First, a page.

Growing up my mother would always tell me, “Yo no soy rica. No te puedo dejar una herencia monetaria. La herencia que si te puedo dejar es la de tu educación y eso nadie te lo puede quitar.” This loosely translates to, “I am not rich. I cannot leave you a wealthy inheritance. The inheritance that I can give you is your education and that is something no one can take away from you.” My relationship to education has always been deep, complex and ever-changing, but it wasn’t until I became a teacher that I recognized its true power and purpose.
After graduating from Smith College, I moved to New York City to teach Kindergarten in Washington Heights, a vibrant, predominantly Dominican neighborhood where blasts of Merengue and the smell of empanadas permeate the air. However, whenever I walked into the charter school where I worked at the time, all traces of the neighborhood’s vibrancy and culture quickly dissipated. We were still located in the Heights, served 99% black and brown students and families, and yet, most of our staff and leadership were white and you couldn’t tell what neighborhood we were in from the school’s white-washed halls touting white-middle class values that told our students they can only be successful when they show more “self-control” and “grit.” At the time, I didn’t realize how absolutely FUCKED UP this was because I was a recent college grad who thought that sharing a common ethnicity and background with my students was enough and somehow good for the community. I couldn’t have been more wrong. My first year of teaching was hard, and I know a lot of teachers say this, but for me it was more than the lack of sleep, never-ending lesson plans and mounting assignments. Having to police tiny black and brown bodies all day with a smile on is fucking exhausting and it eats away at you every day until you become desensitized to it because it becomes your new normal.
After my first year, I decided to start teaching dance, which allowed me more freedom to experiment with curriculum. This is when I started infusing lessons with culturally relevant history about Black and Latinxs art forms. If my students were going to learn the 1,2,3, hip rise steps of Bachata, then they were also going to learn about its African and bolero influences and unofficial censorship by the Dictator Rafael Leonidas Trujillo. During Black History Month, I decided to put on a staged reading of “Now Let Me Fly” by Marcia Cebulska with my 2nd grade students. As we were in the middle of reading the play, one of my black students looks up at me and asks, “Ms. Lebron, how come almost all of the books we read in school have characters that don’t look like me?” I was speechless, angry and frustrated that this bright little boy wasn’t seeing himself reflected in his learning unless it had to do with Slavery or the Civil Rights Era, which were barely glossed over. I knew I owed my students more. That this country, as Gloria Ladson-Billings has put it, owed black and brown children an education debt that has long been overdue. This moment served as the catalyst for what has become my life’s work.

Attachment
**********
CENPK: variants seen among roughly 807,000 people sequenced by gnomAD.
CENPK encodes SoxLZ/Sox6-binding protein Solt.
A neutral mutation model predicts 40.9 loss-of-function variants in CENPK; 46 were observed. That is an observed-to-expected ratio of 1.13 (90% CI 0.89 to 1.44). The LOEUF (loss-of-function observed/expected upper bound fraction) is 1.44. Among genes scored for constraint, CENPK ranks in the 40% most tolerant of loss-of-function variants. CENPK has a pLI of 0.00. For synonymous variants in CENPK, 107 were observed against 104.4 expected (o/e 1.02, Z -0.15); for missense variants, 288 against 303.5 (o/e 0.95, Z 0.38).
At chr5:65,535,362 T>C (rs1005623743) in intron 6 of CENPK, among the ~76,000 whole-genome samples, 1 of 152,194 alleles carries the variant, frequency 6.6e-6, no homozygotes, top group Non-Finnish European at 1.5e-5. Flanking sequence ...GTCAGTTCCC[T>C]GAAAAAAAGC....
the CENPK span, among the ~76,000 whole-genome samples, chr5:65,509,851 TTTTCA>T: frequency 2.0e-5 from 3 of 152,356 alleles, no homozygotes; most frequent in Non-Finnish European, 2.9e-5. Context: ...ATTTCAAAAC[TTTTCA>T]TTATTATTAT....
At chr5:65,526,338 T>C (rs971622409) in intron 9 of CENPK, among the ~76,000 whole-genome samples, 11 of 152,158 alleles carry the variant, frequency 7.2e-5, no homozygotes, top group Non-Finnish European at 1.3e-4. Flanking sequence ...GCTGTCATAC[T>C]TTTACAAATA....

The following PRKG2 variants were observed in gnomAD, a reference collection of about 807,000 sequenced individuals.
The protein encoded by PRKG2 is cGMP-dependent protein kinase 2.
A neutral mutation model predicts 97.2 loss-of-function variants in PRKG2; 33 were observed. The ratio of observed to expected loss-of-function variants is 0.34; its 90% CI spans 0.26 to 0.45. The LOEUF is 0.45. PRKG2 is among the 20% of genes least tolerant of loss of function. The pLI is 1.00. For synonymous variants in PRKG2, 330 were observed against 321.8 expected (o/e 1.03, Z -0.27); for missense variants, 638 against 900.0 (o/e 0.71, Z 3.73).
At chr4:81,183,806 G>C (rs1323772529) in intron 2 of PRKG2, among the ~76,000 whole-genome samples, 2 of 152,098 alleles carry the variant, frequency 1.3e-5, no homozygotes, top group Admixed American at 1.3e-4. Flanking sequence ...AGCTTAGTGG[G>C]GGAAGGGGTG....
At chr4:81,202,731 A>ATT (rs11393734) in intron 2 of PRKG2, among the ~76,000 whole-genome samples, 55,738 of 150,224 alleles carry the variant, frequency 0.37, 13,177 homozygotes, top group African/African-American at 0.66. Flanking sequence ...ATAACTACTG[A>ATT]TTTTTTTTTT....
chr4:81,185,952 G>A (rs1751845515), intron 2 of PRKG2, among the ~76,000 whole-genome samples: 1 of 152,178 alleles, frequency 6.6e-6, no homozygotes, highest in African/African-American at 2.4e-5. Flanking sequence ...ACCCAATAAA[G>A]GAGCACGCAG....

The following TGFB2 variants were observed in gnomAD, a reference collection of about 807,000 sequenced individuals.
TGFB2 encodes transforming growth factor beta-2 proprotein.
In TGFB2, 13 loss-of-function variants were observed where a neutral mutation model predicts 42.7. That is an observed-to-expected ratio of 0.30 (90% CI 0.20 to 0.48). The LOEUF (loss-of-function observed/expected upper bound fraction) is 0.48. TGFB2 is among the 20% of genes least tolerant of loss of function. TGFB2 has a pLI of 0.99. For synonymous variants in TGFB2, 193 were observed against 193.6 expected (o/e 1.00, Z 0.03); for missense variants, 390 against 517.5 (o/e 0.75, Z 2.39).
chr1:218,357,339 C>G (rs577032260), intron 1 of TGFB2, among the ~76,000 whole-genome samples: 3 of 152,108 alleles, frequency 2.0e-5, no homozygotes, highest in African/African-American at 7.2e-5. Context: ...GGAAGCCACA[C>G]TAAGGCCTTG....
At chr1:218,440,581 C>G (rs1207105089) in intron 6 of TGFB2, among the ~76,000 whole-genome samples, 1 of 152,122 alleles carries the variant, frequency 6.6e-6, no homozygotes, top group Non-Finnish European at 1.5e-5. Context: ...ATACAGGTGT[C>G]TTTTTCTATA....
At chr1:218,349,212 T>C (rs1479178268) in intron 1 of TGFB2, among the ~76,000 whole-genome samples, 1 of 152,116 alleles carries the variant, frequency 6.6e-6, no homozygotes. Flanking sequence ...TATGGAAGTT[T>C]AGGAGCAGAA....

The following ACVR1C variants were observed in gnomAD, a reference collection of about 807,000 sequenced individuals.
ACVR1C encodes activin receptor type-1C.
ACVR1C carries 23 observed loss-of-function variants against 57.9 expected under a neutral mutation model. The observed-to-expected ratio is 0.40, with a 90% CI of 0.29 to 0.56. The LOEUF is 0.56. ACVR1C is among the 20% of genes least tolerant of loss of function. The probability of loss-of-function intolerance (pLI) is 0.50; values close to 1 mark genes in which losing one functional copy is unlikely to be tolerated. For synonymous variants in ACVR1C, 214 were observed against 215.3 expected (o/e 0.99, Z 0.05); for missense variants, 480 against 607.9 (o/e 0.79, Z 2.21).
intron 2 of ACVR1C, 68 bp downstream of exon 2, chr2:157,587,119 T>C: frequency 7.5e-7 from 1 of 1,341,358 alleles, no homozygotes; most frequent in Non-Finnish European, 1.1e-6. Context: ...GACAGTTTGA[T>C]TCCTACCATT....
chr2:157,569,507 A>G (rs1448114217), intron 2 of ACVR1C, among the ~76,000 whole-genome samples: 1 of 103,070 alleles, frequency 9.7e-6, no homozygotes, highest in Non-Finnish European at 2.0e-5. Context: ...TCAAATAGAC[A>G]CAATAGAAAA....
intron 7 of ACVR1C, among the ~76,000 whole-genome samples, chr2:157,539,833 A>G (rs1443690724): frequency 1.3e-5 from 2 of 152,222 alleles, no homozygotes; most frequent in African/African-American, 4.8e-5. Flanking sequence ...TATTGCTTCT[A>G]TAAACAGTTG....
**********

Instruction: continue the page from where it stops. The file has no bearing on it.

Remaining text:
Over the past year, I worked as a Social Action Teacher and School Culture Coach. I designed and implemented a culturally responsive, social justice curriculum, which uses history, literacy and art as a means to discuss identity formation and social justice issues like racism and gender equality. Lessons centered on the following social justice elements, as inspired by Brie Picower’s “Six Elements of Social Justice”: Self-love, Love for Others, Social Justice, and Awareness Raising. I strongly believe that when students develop a deep sense of who they are, where the come from, and that they matter, they’re able to develop love and respect for themselves. I couldn’t be prouder of my students for exclaiming things like, “I’m Mexican, my skin is cinnamon-brown and I’m proud,” or “My skin color is milk chocolate, so deal with it. I belong.” From this point of self-love, they are then able to learn about how they are similar and different from others. In acknowledging and celebrating those similarities and differences, they are able to show love and respect for one another.
Moreover, in learning about social justice issues and inequalities, students become informed, critical thinkers and problem-solvers. For example, during our Unit on Breaking Down Gender and Racial Stereotypes, students often engaged in respectful and heated debates, where they discussed their views on questions like “Do all girls like the color pink?” or “Are all Muslims terrorists?” When students learn the skills necessary in order to engage with one another critically and respectfully, they are able to form informed opinions and use their knowledge to raise awareness in their communities about the injustices they wish to combat, while coming up with effective and collaborative solutions to said problems. This is the goal of my curriculum, to provide students with the tools to become caring, socially responsible agents of change who spread awareness and work to tackle the inequities they wish to dismantle in their communities and beyond.
For those who want to do this work with young children, but may not know how or if they should, I need you to know that it’s not only possible, but it’s incredibly powerful and necessary. Our kids need to know that they are seen, that they matter, that they have the power to change the course of their lives, their communities and the world for the better.